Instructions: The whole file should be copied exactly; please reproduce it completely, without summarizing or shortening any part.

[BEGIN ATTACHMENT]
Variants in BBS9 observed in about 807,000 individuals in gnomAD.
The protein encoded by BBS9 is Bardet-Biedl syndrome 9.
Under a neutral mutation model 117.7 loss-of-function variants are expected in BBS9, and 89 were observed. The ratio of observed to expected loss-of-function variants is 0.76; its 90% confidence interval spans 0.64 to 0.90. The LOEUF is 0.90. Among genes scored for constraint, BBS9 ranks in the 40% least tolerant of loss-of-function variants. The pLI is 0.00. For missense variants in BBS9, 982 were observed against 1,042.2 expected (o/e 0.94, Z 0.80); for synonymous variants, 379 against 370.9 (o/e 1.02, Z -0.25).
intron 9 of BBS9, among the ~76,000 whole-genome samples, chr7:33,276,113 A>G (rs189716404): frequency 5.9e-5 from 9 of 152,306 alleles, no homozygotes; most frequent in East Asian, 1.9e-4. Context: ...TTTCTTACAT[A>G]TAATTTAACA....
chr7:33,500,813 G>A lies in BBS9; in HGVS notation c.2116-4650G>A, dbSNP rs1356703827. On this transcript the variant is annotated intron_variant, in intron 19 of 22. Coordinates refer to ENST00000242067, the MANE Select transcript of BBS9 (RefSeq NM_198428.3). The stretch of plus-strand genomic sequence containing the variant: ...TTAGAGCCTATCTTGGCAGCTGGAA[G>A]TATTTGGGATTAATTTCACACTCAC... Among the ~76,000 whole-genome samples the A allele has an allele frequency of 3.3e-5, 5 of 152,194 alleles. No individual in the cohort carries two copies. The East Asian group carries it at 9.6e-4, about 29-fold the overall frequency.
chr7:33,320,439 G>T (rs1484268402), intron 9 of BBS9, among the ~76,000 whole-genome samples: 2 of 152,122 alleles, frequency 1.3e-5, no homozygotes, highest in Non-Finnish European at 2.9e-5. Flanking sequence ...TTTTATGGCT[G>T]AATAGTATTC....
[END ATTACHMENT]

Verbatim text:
Variants in BBS9 observed in about 807,000 individuals in gnomAD.
The protein encoded by BBS9 is Bardet-Biedl syndrome 9.
Under a neutral mutation model 117.7 loss-of-function variants are expected in BBS9, and 89 were observed. The ratio of observed to expected loss-of-function variants is 0.76; its 90% confidence interval spans 0.64 to 0.90. The LOEUF is 0.90. Among genes scored for constraint, BBS9 ranks in the 40% least tolerant of loss-of-function variants. The pLI is 0.00. For missense variants in BBS9, 982 were observed against 1,042.2 expected (o/e 0.94, Z 0.80); for synonymous variants, 379 against 370.9 (o/e 1.02, Z -0.25).
intron 9 of BBS9, among the ~76,000 whole-genome samples, chr7:33,276,113 A>G (rs189716404): frequency 5.9e-5 from 9 of 152,306 alleles, no homozygotes; most frequent in East Asian, 1.9e-4. Context: ...TTTCTTACAT[A>G]TAATTTAACA....
chr7:33,500,813 G>A lies in BBS9; in HGVS notation c.2116-4650G>A, dbSNP rs1356703827. On this transcript the variant is annotated intron_variant, in intron 19 of 22. Coordinates refer to ENST00000242067, the MANE Select transcript of BBS9 (RefSeq NM_198428.3). The stretch of plus-strand genomic sequence containing the variant: ...TTAGAGCCTATCTTGGCAGCTGGAA[G>A]TATTTGGGATTAATTTCACACTCAC... Among the ~76,000 whole-genome samples the A allele has an allele frequency of 3.3e-5, 5 of 152,194 alleles. No individual in the cohort carries two copies. The East Asian group carries it at 9.6e-4, about 29-fold the overall frequency.
chr7:33,320,439 G>T (rs1484268402), intron 9 of BBS9, among the ~76,000 whole-genome samples: 2 of 152,122 alleles, frequency 1.3e-5, no homozygotes, highest in Non-Finnish European at 2.9e-5. Flanking sequence ...TTTTATGGCT[G>T]AATAGTATTC....